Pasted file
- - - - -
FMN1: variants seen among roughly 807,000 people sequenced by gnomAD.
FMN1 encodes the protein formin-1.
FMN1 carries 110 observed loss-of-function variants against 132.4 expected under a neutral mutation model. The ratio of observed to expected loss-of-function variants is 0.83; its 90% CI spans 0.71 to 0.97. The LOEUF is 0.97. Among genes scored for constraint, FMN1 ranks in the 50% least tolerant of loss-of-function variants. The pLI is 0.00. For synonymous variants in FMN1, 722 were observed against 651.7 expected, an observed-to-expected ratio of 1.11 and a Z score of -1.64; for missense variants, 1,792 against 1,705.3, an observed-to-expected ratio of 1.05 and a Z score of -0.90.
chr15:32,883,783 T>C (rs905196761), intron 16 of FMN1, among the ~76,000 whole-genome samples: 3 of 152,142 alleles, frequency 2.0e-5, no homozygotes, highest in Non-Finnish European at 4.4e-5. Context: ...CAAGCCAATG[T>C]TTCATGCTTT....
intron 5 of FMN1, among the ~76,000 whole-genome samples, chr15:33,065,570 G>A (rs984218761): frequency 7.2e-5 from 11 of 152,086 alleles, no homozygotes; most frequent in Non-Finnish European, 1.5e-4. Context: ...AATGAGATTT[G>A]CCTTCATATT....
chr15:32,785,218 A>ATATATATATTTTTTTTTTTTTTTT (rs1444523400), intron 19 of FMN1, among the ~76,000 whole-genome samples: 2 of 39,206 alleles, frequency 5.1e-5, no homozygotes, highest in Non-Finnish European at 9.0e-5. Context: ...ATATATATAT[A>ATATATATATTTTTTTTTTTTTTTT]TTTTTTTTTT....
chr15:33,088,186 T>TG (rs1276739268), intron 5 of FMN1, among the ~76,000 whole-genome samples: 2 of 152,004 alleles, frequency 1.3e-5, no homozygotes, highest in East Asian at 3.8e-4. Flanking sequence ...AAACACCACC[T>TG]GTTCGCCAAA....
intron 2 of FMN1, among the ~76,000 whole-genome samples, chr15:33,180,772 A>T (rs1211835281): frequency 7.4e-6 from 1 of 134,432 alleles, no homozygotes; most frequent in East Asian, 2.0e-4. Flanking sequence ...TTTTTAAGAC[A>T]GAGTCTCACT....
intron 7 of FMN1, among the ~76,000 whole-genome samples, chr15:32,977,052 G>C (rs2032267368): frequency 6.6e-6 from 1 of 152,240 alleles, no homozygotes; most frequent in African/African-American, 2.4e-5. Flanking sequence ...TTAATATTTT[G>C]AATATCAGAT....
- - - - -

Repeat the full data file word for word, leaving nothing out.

FMN1: variants seen among roughly 807,000 people sequenced by gnomAD.
FMN1 encodes the protein formin-1.
FMN1 carries 110 observed loss-of-function variants against 132.4 expected under a neutral mutation model. The ratio of observed to expected loss-of-function variants is 0.83; its 90% CI spans 0.71 to 0.97. The LOEUF is 0.97. Among genes scored for constraint, FMN1 ranks in the 50% least tolerant of loss-of-function variants. The pLI is 0.00. For synonymous variants in FMN1, 722 were observed against 651.7 expected, an observed-to-expected ratio of 1.11 and a Z score of -1.64; for missense variants, 1,792 against 1,705.3, an observed-to-expected ratio of 1.05 and a Z score of -0.90.
chr15:32,883,783 T>C (rs905196761), intron 16 of FMN1, among the ~76,000 whole-genome samples: 3 of 152,142 alleles, frequency 2.0e-5, no homozygotes, highest in Non-Finnish European at 4.4e-5. Context: ...CAAGCCAATG[T>C]TTCATGCTTT....
intron 5 of FMN1, among the ~76,000 whole-genome samples, chr15:33,065,570 G>A (rs984218761): frequency 7.2e-5 from 11 of 152,086 alleles, no homozygotes; most frequent in Non-Finnish European, 1.5e-4. Context: ...AATGAGATTT[G>A]CCTTCATATT....
chr15:32,785,218 A>ATATATATATTTTTTTTTTTTTTTT (rs1444523400), intron 19 of FMN1, among the ~76,000 whole-genome samples: 2 of 39,206 alleles, frequency 5.1e-5, no homozygotes, highest in Non-Finnish European at 9.0e-5. Context: ...ATATATATAT[A>ATATATATATTTTTTTTTTTTTTTT]TTTTTTTTTT....
chr15:33,088,186 T>TG (rs1276739268), intron 5 of FMN1, among the ~76,000 whole-genome samples: 2 of 152,004 alleles, frequency 1.3e-5, no homozygotes, highest in East Asian at 3.8e-4. Flanking sequence ...AAACACCACC[T>TG]GTTCGCCAAA....
intron 2 of FMN1, among the ~76,000 whole-genome samples, chr15:33,180,772 A>T (rs1211835281): frequency 7.4e-6 from 1 of 134,432 alleles, no homozygotes; most frequent in East Asian, 2.0e-4. Flanking sequence ...TTTTTAAGAC[A>T]GAGTCTCACT....
intron 7 of FMN1, among the ~76,000 whole-genome samples, chr15:32,977,052 G>C (rs2032267368): frequency 6.6e-6 from 1 of 152,240 alleles, no homozygotes; most frequent in African/African-American, 2.4e-5. Flanking sequence ...TTAATATTTT[G>C]AATATCAGAT....